Medical guidance sought after contamination closes school

Oct 19, 2022, 2:10 PM | Updated: 3:59 pm
"Virtual school is not the answer," said mother Cheryl Lane, right, who leaves a Hazelwood School B...

"Virtual school is not the answer," said mother Cheryl Lane, right, who leaves a Hazelwood School Board meeting with her two sons, Aaron, 9, left, and Andrew, 7, Tuesday, Oct. 18, 2022, at the Hazelwood School District Learning Center in Florissant, Mo. The board announced elementary students will switch to virtual learning after radioactive waste was found at Jana Elementary School. "My kids have been virtual since the start of the school year and they are not learning," said Lane. (Laurie Skrivan/St. Louis Post-Dispatch via AP)

(Laurie Skrivan/St. Louis Post-Dispatch via AP)

FLORISSANT, Mo. (AP) — Some parents of children at Jana Elementary School in suburban St. Louis say they’ll seek medical testing and guidance from doctors about what to do next, after a privately-funded environmental study found radioactive contamination inside the school and on the playground.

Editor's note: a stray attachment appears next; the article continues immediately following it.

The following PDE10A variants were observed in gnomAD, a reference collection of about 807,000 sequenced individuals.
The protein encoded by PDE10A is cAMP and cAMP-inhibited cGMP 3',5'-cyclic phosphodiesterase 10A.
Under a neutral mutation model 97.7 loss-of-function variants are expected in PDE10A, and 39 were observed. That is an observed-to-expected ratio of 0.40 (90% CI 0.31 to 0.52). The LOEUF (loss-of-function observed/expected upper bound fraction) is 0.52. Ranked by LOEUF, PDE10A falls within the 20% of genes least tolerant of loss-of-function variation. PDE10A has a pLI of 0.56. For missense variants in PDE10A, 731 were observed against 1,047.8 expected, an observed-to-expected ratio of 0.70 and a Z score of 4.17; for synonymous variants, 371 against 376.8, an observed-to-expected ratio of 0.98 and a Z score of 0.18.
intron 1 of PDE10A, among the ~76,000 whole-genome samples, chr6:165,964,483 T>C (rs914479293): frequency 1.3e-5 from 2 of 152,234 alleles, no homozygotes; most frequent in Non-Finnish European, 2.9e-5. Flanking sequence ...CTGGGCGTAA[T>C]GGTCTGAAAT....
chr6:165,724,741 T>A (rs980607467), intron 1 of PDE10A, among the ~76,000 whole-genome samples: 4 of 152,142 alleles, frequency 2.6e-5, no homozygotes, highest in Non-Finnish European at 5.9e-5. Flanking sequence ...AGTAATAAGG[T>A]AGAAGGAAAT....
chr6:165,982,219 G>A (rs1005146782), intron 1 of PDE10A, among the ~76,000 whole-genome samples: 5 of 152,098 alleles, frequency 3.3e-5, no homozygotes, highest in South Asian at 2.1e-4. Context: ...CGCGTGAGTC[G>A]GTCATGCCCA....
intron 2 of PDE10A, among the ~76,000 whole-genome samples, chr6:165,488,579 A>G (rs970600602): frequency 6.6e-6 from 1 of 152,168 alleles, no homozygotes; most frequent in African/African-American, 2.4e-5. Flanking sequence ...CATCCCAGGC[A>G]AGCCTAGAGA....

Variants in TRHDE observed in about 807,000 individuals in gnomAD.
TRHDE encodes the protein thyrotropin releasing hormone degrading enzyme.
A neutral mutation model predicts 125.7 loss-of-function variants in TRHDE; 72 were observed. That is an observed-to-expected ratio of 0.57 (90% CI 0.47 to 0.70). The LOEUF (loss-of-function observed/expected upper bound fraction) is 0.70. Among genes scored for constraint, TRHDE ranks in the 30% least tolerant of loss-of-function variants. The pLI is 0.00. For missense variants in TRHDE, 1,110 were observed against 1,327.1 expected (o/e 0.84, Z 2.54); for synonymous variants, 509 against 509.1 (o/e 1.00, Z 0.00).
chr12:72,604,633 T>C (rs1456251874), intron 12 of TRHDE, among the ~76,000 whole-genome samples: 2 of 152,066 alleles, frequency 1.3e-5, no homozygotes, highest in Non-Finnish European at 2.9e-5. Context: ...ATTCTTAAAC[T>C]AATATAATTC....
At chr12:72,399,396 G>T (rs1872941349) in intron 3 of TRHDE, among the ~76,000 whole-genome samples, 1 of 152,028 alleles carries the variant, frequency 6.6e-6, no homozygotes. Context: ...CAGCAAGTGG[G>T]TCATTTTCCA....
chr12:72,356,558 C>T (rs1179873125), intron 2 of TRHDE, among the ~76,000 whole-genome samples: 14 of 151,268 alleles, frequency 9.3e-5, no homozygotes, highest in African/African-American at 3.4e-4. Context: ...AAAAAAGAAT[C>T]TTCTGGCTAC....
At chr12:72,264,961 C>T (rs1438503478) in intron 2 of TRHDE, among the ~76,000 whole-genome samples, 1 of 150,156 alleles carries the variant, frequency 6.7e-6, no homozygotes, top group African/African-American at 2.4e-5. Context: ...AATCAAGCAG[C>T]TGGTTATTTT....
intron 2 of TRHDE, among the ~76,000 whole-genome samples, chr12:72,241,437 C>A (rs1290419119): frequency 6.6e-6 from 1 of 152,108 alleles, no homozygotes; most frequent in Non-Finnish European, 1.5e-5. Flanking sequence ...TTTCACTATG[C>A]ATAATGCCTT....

The Hazelwood Board of Education on Tuesday announced plans to close the grade school in Florissant, Missouri, indefinitely and clean it. The roughly 400 students — 80% of whom are Black — will do virtual learning for now, then be sent to some of the district’s 19 other elementary schools starting Nov. 28.

It’s unclear how long the cleanup process will take, what it will involve or who will pay for it. A district spokeswoman declined comment beyond a written statement that broadly outlined the plan to close the school and relocate children.

Coldwater Creek runs directly behind Jana Elementary, which has educated thousands of children since it opened 50 years ago. The creek was contaminated in the 1940s and 1950s when waste from atomic bomb material manufactured in St. Louis got into the waterway near Lambert Airport, where the waste was stored. The creek runs 19 miles (30 kilometers) before spilling into the Missouri River.

The result was an environmental nightmare. For decades, children who lived near the creek hunted for crawdads and splashed in the water on hot summer days, unaware of the poison they were playing in.